Spanish Popular Party launches EU election campaign with thousands gathered in Madrid


Spanish conservatives criticise the coalition government and amnesty for Carles Puigdemont, urging for a decisive victory in the European Parliament to prompt early elections in Spain.


Spain’s Popular Party (PP) launched its campaign for the European elections on Sunday with a large rally at Madrid’s Puerta de Alcalá, demonstrating their opposition to the Amnesty Law, set for final approval in Congress this Thursday.

Surrounded by a sea of Spanish and European flags, participants voiced their anger over the pardoning of Catalan independence leaders and the policies of Prime Minister Pedro Sánchez’s current coalition government.

“We came to defend the equality of all Spaniards and the primacy of the Constitution,” one demonstrator told Euronews.

The PP leader, Alberto Núñez Feijóo, called on Sánchez to withdraw the amnesty law and demanded early general elections, arguing that the coalition government lacks sufficient parliamentary support, forcing the government to abandon the general state budgets and the failure of several legislative initiatives in Congress.

“Since this legislature is lost, since this government has the country at a standstill, it’s pointless for it to continue,” Feijóo said at the Puerta de Alcalá.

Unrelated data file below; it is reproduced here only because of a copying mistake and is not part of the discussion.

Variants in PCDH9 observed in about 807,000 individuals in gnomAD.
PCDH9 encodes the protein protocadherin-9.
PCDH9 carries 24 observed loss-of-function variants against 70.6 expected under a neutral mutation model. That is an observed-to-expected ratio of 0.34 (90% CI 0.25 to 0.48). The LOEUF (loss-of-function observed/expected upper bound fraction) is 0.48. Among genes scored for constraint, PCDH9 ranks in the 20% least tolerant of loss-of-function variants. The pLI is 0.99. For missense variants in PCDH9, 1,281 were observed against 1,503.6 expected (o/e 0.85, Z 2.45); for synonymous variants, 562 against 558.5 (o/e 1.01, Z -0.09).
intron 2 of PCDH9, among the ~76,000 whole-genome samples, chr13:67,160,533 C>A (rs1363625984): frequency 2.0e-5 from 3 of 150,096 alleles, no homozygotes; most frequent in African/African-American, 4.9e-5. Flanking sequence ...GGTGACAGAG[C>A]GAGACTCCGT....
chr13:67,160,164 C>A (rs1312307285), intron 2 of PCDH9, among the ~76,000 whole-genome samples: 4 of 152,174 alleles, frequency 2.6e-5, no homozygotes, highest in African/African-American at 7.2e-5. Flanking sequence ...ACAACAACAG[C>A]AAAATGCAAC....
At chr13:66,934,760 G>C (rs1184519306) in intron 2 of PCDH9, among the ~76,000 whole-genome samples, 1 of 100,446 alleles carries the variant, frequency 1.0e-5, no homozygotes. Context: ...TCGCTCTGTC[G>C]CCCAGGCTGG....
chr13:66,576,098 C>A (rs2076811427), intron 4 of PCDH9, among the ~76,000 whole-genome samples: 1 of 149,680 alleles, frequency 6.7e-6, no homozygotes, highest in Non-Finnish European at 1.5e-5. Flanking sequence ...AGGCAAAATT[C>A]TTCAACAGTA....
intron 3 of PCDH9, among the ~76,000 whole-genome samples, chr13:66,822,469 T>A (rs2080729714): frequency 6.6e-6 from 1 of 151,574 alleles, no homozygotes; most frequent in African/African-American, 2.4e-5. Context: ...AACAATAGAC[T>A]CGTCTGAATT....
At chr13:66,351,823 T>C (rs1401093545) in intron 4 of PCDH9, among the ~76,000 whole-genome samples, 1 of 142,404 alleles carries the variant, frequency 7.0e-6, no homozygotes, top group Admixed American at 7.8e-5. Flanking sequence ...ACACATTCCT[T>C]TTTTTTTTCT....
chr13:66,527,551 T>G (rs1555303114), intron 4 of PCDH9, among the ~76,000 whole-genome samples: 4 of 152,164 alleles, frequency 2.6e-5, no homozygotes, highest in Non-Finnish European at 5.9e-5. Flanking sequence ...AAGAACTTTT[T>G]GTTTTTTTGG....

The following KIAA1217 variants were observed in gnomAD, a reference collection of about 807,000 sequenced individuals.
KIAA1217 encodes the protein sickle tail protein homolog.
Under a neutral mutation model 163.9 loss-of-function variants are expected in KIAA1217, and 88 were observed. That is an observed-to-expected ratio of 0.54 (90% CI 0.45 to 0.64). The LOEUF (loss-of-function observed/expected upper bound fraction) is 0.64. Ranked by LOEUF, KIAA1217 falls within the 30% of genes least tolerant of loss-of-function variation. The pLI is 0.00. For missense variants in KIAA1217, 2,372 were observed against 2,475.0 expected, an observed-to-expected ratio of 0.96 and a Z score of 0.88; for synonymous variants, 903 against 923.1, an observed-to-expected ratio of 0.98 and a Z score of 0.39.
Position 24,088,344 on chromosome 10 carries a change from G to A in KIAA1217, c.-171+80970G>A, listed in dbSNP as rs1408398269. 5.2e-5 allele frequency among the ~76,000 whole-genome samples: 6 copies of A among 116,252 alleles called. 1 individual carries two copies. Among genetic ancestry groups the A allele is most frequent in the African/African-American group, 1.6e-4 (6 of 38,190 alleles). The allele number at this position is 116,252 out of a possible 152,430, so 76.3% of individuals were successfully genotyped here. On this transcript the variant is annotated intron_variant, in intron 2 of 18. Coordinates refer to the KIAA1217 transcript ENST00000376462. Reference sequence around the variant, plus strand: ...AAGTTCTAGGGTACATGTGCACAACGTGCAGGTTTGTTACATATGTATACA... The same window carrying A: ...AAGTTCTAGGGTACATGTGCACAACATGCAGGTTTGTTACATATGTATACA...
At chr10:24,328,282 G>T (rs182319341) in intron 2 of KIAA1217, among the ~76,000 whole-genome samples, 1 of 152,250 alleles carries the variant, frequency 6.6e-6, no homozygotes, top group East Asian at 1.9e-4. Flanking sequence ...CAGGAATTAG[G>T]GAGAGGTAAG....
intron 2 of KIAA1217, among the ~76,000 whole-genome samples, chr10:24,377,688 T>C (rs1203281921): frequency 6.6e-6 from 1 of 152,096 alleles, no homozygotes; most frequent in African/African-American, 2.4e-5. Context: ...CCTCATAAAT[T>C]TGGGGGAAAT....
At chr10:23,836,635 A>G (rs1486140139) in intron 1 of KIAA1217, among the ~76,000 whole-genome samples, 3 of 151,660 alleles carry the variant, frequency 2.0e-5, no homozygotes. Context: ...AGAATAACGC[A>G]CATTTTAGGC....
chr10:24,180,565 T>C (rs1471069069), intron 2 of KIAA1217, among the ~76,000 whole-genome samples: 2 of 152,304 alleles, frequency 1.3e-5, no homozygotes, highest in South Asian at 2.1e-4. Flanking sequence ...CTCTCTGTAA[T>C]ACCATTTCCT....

At the event, which drew around 80,000 people according to organisers and 20,000 according to the government delegation, the PP president urged citizens to reject the current government at the ballot box and resist what he views as Pedro Sánchez’s authoritarian drift.

“They want us to be servants. The prime minister is not the master of anything; he is a public servant,” said Feijóo, claiming that Sánchez resorts to criticising the media and the far-right to silence his political opponents.

“They want us distracted with their theatrical strategies, like servants, as ministers say Sánchez is the master, and demotivated and demobilised. Here we are, more eager than ever. That’s why we’re going to vote united to win,” he added.

The Popular Party framed the European elections as a referendum against the Spanish prime minister, seeking to ensure that the voice of the Spanish people is strongly heard in Europe.

“We’ve had enough of turning the other cheek,” Feijóo said: “We will cast our vote on June 9 to respond to so much outrage.”

The PP seeks to rally its base against the amnesty for Carles Puigdemont. It also aims to gauge its street-level influence against Prime Minister Sánchez’s policies, particularly following the recent election outcomes in Catalonia, which Feijóo argues validate his approach to sovereignty.

The PP hopes the EU elections will signal Sánchez a shift in Spain’s political landscape. Although polls suggest that the PP is set to win the European elections, Pedro Sánchez’s Socialist Party has managed to narrow the gap in recent weeks.

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